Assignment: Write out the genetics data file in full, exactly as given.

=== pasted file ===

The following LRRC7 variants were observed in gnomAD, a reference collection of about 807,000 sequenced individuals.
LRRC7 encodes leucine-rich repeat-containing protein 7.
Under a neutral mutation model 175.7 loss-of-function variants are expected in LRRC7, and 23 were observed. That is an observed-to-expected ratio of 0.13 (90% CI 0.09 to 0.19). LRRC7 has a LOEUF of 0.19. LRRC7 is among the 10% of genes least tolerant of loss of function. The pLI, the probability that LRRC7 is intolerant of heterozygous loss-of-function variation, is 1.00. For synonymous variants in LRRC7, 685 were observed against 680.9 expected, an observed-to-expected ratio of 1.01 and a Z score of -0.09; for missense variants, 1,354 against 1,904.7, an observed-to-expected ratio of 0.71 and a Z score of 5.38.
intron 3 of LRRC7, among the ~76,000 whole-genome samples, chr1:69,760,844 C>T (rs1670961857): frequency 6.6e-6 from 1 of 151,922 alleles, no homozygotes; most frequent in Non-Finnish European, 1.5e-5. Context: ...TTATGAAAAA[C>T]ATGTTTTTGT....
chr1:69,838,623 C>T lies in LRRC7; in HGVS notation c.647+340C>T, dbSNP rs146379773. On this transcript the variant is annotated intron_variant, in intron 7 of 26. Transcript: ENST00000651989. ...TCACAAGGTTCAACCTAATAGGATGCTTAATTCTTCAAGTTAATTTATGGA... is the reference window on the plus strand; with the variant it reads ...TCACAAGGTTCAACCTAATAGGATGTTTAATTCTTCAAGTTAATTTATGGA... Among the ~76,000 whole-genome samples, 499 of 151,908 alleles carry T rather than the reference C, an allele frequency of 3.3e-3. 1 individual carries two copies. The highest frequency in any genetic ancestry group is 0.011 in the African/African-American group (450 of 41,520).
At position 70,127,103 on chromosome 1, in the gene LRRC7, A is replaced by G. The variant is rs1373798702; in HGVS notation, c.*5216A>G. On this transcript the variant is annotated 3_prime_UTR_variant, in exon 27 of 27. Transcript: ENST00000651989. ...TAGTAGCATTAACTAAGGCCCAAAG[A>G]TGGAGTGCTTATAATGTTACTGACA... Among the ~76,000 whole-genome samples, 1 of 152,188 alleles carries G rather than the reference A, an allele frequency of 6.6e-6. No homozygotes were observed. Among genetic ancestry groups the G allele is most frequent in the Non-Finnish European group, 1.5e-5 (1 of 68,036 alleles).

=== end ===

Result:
The following LRRC7 variants were observed in gnomAD, a reference collection of about 807,000 sequenced individuals.
LRRC7 encodes leucine-rich repeat-containing protein 7.
Under a neutral mutation model 175.7 loss-of-function variants are expected in LRRC7, and 23 were observed. That is an observed-to-expected ratio of 0.13 (90% CI 0.09 to 0.19). LRRC7 has a LOEUF of 0.19. LRRC7 is among the 10% of genes least tolerant of loss of function. The pLI, the probability that LRRC7 is intolerant of heterozygous loss-of-function variation, is 1.00. For synonymous variants in LRRC7, 685 were observed against 680.9 expected, an observed-to-expected ratio of 1.01 and a Z score of -0.09; for missense variants, 1,354 against 1,904.7, an observed-to-expected ratio of 0.71 and a Z score of 5.38.
intron 3 of LRRC7, among the ~76,000 whole-genome samples, chr1:69,760,844 C>T (rs1670961857): frequency 6.6e-6 from 1 of 151,922 alleles, no homozygotes; most frequent in Non-Finnish European, 1.5e-5. Context: ...TTATGAAAAA[C>T]ATGTTTTTGT....
chr1:69,838,623 C>T lies in LRRC7; in HGVS notation c.647+340C>T, dbSNP rs146379773. On this transcript the variant is annotated intron_variant, in intron 7 of 26. Transcript: ENST00000651989. ...TCACAAGGTTCAACCTAATAGGATGCTTAATTCTTCAAGTTAATTTATGGA... is the reference window on the plus strand; with the variant it reads ...TCACAAGGTTCAACCTAATAGGATGTTTAATTCTTCAAGTTAATTTATGGA... Among the ~76,000 whole-genome samples, 499 of 151,908 alleles carry T rather than the reference C, an allele frequency of 3.3e-3. 1 individual carries two copies. The highest frequency in any genetic ancestry group is 0.011 in the African/African-American group (450 of 41,520).
At position 70,127,103 on chromosome 1, in the gene LRRC7, A is replaced by G. The variant is rs1373798702; in HGVS notation, c.*5216A>G. On this transcript the variant is annotated 3_prime_UTR_variant, in exon 27 of 27. Transcript: ENST00000651989. ...TAGTAGCATTAACTAAGGCCCAAAG[A>G]TGGAGTGCTTATAATGTTACTGACA... Among the ~76,000 whole-genome samples, 1 of 152,188 alleles carries G rather than the reference A, an allele frequency of 6.6e-6. No homozygotes were observed. Among genetic ancestry groups the G allele is most frequent in the Non-Finnish European group, 1.5e-5 (1 of 68,036 alleles).